Throughout the Old Testament, God makes covenants with his people by entering into an agreement with one man who serves as the acting representative of all humanity. In Genesis 9, God enters into one of these agreements with a man named Noah where he promises that he will never again allow utter chaos to destroy his creation. The story of the great flood and God's covenant with Noah gives us an early glimpse into the eternal plan of God that unfolds throughout the rest of the Bible.
If our Lord was simply an almighty King sitting on his sovereign throne commanding us as his subjects to serve and to suffer for his sake then that sort of call would certainly feel like a burdensome mandate that we were forced and obligated to carry out. That is why the apostle Paul takes time to point out the proper motivation for Christian suffering by providing the beautiful portrait of Christ’s own sacrifice for our salvation.
Perhaps there is nothing in this world more unique and unexpected than someone who chooses to love the people that mistreat them and who chooses to pray for those who hurt them the most. The world can hardly comprehend such love because it seems so irrational and unreasonable. It goes completely against our natural instincts and our natural inclinations.
John Piper has declared Romans 3:21-26 as the most important paragraph written in the entire Bible. And some biblical scholars have even labeled Romans 3:21-26 as possibly the most important single paragraph ever written in the history of literature. It is in this profound paragraph, that the apostle Paul reminds his readers of the amazing grace of God and the incredible hope that he has given humanity.
This is an astounding description of God’s love for man and a beautiful promise to those who love Him back. This is perhaps one of the most awesome sentences in all of Scripture. However, I often fear that this summary statement made by Jesus has been hijacked at times to promote a distorted gospel message.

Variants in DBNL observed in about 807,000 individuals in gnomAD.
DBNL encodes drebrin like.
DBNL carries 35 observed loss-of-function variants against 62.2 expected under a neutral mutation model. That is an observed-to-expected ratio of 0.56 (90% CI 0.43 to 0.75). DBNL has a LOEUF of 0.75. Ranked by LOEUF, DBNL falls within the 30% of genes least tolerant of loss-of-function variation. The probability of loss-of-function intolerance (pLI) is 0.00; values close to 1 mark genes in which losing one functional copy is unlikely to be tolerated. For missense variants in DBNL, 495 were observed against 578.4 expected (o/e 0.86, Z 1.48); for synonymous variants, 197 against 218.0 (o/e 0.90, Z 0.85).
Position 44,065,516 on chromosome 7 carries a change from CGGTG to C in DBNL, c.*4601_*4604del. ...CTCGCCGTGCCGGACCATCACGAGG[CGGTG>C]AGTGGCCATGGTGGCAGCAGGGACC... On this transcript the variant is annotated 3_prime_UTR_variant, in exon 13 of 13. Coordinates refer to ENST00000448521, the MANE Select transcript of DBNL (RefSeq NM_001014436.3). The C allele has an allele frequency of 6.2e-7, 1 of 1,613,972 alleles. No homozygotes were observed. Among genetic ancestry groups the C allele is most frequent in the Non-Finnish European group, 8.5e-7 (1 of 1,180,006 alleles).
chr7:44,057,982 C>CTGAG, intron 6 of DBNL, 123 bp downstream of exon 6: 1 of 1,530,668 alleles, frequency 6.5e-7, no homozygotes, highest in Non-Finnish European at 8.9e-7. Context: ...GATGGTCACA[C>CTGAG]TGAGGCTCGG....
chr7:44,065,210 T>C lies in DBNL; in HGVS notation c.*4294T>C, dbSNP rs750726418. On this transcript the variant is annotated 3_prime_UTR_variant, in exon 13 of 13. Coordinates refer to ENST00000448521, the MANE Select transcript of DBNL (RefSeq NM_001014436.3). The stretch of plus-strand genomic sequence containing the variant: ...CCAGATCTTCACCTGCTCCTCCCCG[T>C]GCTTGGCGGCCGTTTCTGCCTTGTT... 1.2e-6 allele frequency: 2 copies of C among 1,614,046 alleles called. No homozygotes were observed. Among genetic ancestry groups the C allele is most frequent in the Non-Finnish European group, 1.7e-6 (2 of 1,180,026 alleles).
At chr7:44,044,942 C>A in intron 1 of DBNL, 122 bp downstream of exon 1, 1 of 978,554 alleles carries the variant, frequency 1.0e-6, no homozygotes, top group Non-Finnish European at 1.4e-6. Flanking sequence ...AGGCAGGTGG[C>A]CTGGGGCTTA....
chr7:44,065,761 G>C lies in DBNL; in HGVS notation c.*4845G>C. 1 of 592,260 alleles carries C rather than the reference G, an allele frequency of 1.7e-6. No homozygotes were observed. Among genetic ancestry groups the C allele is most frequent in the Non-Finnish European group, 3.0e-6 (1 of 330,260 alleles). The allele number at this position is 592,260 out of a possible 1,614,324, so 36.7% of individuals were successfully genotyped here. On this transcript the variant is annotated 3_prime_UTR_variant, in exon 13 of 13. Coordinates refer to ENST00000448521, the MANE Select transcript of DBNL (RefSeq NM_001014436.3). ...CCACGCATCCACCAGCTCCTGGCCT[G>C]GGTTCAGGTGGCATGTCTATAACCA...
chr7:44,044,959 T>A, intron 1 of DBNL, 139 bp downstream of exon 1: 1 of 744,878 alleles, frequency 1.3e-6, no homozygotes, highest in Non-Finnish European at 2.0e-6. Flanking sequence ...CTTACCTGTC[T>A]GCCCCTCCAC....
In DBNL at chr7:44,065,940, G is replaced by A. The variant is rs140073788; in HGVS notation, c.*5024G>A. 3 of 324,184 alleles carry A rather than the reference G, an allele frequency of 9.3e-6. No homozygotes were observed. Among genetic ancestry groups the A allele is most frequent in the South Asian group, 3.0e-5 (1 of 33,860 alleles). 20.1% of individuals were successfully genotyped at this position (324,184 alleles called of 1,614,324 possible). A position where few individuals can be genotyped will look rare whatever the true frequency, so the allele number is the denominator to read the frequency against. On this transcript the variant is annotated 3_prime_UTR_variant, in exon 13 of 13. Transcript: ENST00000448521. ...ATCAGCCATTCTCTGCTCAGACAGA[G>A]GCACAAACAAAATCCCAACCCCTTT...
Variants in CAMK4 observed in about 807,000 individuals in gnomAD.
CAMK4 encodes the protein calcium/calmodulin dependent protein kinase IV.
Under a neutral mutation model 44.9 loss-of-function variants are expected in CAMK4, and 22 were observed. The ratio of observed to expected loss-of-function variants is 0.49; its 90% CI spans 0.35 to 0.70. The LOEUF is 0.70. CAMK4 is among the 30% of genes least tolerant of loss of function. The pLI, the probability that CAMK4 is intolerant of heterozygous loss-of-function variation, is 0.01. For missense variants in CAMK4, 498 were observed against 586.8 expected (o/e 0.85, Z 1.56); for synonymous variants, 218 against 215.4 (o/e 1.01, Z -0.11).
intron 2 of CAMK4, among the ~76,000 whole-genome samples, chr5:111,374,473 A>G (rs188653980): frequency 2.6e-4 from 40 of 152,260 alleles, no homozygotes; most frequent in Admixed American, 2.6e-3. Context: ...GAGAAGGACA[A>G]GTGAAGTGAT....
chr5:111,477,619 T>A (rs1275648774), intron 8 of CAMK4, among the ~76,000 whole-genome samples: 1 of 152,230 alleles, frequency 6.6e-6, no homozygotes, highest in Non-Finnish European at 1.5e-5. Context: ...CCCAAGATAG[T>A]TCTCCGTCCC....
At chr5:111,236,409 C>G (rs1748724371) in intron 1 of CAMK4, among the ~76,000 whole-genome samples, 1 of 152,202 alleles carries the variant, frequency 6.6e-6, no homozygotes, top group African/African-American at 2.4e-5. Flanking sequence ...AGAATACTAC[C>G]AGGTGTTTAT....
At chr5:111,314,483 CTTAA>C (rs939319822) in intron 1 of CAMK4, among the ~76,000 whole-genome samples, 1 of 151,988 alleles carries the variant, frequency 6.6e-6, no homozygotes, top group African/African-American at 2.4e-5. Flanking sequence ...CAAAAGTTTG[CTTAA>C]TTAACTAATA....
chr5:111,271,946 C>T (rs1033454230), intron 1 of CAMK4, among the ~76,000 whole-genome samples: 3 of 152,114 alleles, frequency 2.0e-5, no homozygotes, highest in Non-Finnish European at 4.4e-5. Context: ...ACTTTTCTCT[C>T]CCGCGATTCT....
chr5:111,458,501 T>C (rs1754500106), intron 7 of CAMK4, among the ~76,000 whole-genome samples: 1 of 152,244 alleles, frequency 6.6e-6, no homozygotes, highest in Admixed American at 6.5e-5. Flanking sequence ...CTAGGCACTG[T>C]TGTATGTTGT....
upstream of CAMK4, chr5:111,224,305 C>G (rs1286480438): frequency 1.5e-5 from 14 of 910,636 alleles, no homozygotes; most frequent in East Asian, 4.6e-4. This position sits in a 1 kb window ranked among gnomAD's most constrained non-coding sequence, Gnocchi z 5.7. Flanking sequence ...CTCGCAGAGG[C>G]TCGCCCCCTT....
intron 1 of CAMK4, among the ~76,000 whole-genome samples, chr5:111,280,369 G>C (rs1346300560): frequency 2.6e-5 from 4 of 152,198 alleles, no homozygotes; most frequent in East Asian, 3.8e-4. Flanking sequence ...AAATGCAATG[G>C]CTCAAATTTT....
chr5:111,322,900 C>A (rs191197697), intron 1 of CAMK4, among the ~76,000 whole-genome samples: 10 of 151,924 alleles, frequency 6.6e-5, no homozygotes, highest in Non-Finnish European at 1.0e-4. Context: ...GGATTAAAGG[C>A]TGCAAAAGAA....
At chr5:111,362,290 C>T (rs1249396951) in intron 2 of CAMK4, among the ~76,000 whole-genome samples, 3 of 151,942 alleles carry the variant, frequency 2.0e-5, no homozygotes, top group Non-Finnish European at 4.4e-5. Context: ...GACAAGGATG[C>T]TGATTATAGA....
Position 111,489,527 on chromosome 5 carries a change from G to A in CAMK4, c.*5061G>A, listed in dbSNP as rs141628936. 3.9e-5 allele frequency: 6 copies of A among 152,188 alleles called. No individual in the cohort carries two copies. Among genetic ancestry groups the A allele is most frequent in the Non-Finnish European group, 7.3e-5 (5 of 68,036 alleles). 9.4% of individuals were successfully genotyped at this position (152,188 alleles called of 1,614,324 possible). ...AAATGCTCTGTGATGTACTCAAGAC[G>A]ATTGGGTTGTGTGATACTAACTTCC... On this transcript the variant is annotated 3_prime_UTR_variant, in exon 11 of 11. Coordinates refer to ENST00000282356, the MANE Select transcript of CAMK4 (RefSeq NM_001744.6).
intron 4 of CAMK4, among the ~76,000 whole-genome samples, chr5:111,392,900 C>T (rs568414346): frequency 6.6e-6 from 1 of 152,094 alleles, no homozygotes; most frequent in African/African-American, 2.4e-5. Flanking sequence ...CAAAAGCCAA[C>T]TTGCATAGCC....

This is an invitation into His Kingdom which leads to eternal life, but it’s not the most inviting invitation. We can walk into a great number of churches and listen to a great number of preachers on any given Sunday, and we will be given a much more welcoming invitation into the Kingdom of God than what Jesus offers us here.
As I was watching the movie, I couldn’t help but feel the heavy burden and the hopelessness of the common American slave under the rule of such brutal masters. There was no way out. Unless someone came along and was willing to pay the heavy price to purchase you out of that slavery, you were destined to die a slave.
In his letter to the Romans, the apostle Paul declares that Scripture proves Abraham wasn’t justified by God on account of anything he did or accomplished. That is why Paul claims that he had nothing to boast about before God. His obedience was not a factor in his justification. Abraham simply believed what God promised, and so God credited him with righteousness.
The command to share and spread the gospel is clear, but perhaps sometimes we get confused as to what specifics regarding the gospel we need to make sure we're communicating. I am grateful that Peter, here, gives us two very specific things about our Lord and His message that we must share when communicating the gospel to others.
We all have turning points in our lives and in our careers that shape the way we end up handling the future. And we all have past experiences that we draw from in order to deal with present realities. One of those turning points for me was the season of 2006 when I had statistically the best offensive season of my career.